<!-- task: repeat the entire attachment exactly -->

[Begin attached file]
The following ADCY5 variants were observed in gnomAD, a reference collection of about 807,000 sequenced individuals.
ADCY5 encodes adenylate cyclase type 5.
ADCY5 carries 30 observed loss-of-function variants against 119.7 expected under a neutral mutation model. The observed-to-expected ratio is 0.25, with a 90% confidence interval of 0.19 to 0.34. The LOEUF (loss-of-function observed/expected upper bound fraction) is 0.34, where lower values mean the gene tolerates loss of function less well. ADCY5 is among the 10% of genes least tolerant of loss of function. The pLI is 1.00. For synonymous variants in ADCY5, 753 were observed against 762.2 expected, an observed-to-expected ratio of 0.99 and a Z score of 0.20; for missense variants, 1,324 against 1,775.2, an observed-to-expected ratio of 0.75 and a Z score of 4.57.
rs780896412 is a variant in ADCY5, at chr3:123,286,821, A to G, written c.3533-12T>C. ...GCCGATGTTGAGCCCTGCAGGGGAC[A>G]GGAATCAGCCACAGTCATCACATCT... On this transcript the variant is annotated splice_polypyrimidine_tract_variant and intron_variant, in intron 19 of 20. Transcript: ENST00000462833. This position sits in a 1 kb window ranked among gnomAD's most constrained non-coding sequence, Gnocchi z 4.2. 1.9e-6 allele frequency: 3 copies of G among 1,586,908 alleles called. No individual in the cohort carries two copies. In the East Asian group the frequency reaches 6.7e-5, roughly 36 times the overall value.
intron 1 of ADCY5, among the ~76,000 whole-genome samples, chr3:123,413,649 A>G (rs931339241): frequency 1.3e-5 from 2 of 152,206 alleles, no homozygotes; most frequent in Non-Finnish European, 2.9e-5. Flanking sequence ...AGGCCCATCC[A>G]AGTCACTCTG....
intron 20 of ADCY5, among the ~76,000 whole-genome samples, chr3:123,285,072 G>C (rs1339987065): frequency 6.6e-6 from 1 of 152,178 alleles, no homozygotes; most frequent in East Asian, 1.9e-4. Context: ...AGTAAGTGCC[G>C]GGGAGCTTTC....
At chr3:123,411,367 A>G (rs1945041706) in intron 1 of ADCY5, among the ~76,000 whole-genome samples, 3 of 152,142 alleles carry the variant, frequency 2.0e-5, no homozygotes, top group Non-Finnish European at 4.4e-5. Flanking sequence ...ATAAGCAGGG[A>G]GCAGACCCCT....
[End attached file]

The following ADCY5 variants were observed in gnomAD, a reference collection of about 807,000 sequenced individuals.
ADCY5 encodes adenylate cyclase type 5.
ADCY5 carries 30 observed loss-of-function variants against 119.7 expected under a neutral mutation model. The observed-to-expected ratio is 0.25, with a 90% confidence interval of 0.19 to 0.34. The LOEUF (loss-of-function observed/expected upper bound fraction) is 0.34, where lower values mean the gene tolerates loss of function less well. ADCY5 is among the 10% of genes least tolerant of loss of function. The pLI is 1.00. For synonymous variants in ADCY5, 753 were observed against 762.2 expected, an observed-to-expected ratio of 0.99 and a Z score of 0.20; for missense variants, 1,324 against 1,775.2, an observed-to-expected ratio of 0.75 and a Z score of 4.57.
rs780896412 is a variant in ADCY5, at chr3:123,286,821, A to G, written c.3533-12T>C. ...GCCGATGTTGAGCCCTGCAGGGGAC[A>G]GGAATCAGCCACAGTCATCACATCT... On this transcript the variant is annotated splice_polypyrimidine_tract_variant and intron_variant, in intron 19 of 20. Transcript: ENST00000462833. This position sits in a 1 kb window ranked among gnomAD's most constrained non-coding sequence, Gnocchi z 4.2. 1.9e-6 allele frequency: 3 copies of G among 1,586,908 alleles called. No individual in the cohort carries two copies. In the East Asian group the frequency reaches 6.7e-5, roughly 36 times the overall value.
intron 1 of ADCY5, among the ~76,000 whole-genome samples, chr3:123,413,649 A>G (rs931339241): frequency 1.3e-5 from 2 of 152,206 alleles, no homozygotes; most frequent in Non-Finnish European, 2.9e-5. Flanking sequence ...AGGCCCATCC[A>G]AGTCACTCTG....
intron 20 of ADCY5, among the ~76,000 whole-genome samples, chr3:123,285,072 G>C (rs1339987065): frequency 6.6e-6 from 1 of 152,178 alleles, no homozygotes; most frequent in East Asian, 1.9e-4. Context: ...AGTAAGTGCC[G>C]GGGAGCTTTC....
At chr3:123,411,367 A>G (rs1945041706) in intron 1 of ADCY5, among the ~76,000 whole-genome samples, 3 of 152,142 alleles carry the variant, frequency 2.0e-5, no homozygotes, top group Non-Finnish European at 4.4e-5. Flanking sequence ...ATAAGCAGGG[A>G]GCAGACCCCT....